Reading Data Possibilities From an LMS Data Portal Data Dictionary

Reading Data Possibilities From an LMS Data Portal Data Dictionary

Copyright: © 2019 |Pages: 14
DOI: 10.4018/978-1-5225-7528-3.ch001
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A learning management system (LMS) data portal contains data collected as a byproduct of the running of the LMS. A data dictionary related to that data portal contains both critical information about the data and a list of terms and definitions describing the data contents. The modern LMS studied here has multiple channels for data capture and analytics: (1) the front-facing LMS (at both the instructor level and the admin level), (2) the reports feature (for system administrators), and (3) the data portal (for system administrators). This chapter describes some ways to understand data possibilities through the examination of an LMS data portal data dictionary and light LMS data exploration.
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A natural byproduct of learning management systems (LMSes), social media platforms, and most technology systems is data. Every time a person interacts with a computer system, they leave a record of their actions. In systems that enable online learning, this means a wide range of data about actions such as the following result in record creation:

  • A teacher or graduate teaching assistant drafts an assessment.

  • A learner logs in for the first time, navigates over to the discussion board, posts a message to several co-learners, downloads a slideshow, and then logs off.

  • A team uploads a consensus-built learning rubric that is designed with a range of learning outcomes and shared across a department or college or university.

  • A gradebook is downloaded, grades adjusted, and re-uploaded.

  • An instructional designer uploads a digital learning object (DLO) linked to a cloud service that collects data about the learning.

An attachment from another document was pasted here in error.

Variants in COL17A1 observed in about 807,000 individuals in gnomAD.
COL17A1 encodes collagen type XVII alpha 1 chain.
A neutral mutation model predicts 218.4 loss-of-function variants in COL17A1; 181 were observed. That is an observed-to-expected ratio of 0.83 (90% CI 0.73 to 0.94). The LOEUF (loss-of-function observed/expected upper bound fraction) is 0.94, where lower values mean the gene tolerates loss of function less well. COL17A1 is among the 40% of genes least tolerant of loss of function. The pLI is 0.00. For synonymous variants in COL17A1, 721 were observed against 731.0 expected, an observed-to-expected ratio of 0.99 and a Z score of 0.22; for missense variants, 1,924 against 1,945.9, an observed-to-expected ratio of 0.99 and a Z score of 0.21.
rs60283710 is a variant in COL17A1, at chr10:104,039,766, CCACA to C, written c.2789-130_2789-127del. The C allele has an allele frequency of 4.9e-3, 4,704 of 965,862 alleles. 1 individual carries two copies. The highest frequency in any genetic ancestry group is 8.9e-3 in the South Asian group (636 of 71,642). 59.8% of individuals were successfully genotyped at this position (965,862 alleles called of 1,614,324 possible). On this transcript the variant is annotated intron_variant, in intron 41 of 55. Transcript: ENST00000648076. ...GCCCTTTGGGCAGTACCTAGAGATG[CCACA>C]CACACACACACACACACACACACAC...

• A classroom of 250 students logs in and takes a proctored online exam with security features to prevent academic dishonesty.

  • After a field trip, learners upload dozens of images depicting their experiences.

  • After a semester, an online course is archived off-line and taken off web servers.

And so on. More simply, every command created by people result in a record. And if the technology system has integrations with other technology systems, every interaction between those systems will result in records as well. For every action and transaction taken by users in a system, there is captured information, to enable the technology systems to function. Oftentimes, this data remains on the back end and does not attract much attention.

In recent years, the data that is a byproduct of the functioning of learning management systems (LMSes), technological tools that enable distance or distributed (and blended / hybrid, and F2F) learning, has come to the fore. Much of this data has been made available to enable users to better understand the system and how people are using it, as well as considering ways to improve teaching and learning through it. In 2016, Instructure made much of its back-end data available (by instance) on an LMS data portal, and later that year, Kansas State University (K-State) requested access to their data portal and started some informal exploration of what was available. An LMS data portal is a website where selected data from the LMS instance may be accessed. The data types are common ones, including time data, integers, big integers, Booleans (true/false), floating point numbers, alphanumeric strings (as text labels, as text fields), and others.